CharlesB at CNCL.ci.detroit.mi.us
Wed Dec 5 11:46:45 MST 2001
In These Times - December 10, 2001
New World Order...
But Venezuela's "revolution" faces many obstacles.
by John Marshall and Christian Parenti
From the 23rd-story offices of the Venezuelan Ministry of Planning,
the slums can be seen stretching out across the verdant mountainsides
and far into the distance. Equally clear, on the highway just below,
are the swank SUVs of the upper classes, streaming out of town and
back to their gated redoubts. Inside the office, the walls are
covered from floor to ceiling with dry-erase boards and butcher paper
illustrating elaborate visions of an alternative future.
"We're trying to have a revolution with the enemy inside," explains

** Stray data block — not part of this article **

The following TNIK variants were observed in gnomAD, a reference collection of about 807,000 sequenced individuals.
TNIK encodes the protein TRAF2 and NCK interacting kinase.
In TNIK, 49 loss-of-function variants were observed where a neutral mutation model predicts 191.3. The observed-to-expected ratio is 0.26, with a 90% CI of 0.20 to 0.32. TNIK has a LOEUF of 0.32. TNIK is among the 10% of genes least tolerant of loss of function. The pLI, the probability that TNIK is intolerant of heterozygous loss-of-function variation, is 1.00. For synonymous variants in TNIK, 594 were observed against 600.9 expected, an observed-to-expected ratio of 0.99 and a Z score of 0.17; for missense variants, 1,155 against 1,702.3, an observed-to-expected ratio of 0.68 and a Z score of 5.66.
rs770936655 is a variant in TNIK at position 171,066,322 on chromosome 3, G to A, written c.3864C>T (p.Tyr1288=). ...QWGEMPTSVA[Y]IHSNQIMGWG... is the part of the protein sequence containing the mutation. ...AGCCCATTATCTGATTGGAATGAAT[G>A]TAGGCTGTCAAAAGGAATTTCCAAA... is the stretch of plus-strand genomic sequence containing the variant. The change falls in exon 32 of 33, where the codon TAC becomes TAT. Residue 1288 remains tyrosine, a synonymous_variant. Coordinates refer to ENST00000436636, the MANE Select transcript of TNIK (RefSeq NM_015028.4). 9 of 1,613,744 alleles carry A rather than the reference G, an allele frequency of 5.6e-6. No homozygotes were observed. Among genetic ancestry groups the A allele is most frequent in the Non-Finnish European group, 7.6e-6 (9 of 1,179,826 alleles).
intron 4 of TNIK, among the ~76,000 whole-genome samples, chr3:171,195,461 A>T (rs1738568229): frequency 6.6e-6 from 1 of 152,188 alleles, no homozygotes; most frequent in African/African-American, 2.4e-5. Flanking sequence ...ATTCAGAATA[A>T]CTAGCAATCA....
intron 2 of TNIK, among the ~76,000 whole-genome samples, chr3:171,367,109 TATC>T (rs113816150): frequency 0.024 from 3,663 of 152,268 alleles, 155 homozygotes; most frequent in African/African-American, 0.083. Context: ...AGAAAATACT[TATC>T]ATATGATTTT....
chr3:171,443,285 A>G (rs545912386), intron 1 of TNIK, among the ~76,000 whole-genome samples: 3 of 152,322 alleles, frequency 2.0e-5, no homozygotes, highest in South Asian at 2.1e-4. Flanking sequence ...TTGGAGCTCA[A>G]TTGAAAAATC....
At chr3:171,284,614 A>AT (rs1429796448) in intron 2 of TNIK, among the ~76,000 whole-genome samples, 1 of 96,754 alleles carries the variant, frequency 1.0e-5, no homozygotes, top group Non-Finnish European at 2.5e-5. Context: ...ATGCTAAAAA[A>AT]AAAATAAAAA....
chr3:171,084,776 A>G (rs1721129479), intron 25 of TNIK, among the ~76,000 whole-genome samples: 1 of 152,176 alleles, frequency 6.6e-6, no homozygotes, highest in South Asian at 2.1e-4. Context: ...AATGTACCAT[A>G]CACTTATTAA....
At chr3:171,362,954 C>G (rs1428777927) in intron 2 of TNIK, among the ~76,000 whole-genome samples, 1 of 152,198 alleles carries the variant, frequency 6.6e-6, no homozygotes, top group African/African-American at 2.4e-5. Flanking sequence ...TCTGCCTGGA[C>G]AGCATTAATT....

Enrique Vila, a poet, professor, artist and now a leading planner in
Venezuela's populist government. "It's not easy." Vila is in charge
of building a series of large, experimental, economically
self-sufficient, ecologically sustainable rural communities, complete
with local currencies and organic farming--the kind of thing most
Berkeley anarchists only dream about.
But Vila's planned communities are just one example of a broader,
frequently overlooked social experiment that began here with the
election of President Hugo Chavez in late 1998. Attacked by the
American right as a military thug--his first bid at power was a
failed coup attempt in 1992--Chavez remains something of an enigma.
Is he a populist blowhard, talking tough but doing little? An
old-school Marxist, minus the Soviet subsidies? A far-left
authoritarian, waiting to blossom? Or a doomed balcony socialist in
the tradition of Peru's Gen. Juan Velasco or Panama's Omar Torrijos?
PLEASE clip all extraneous text before replying to a message.
More information about the Marxism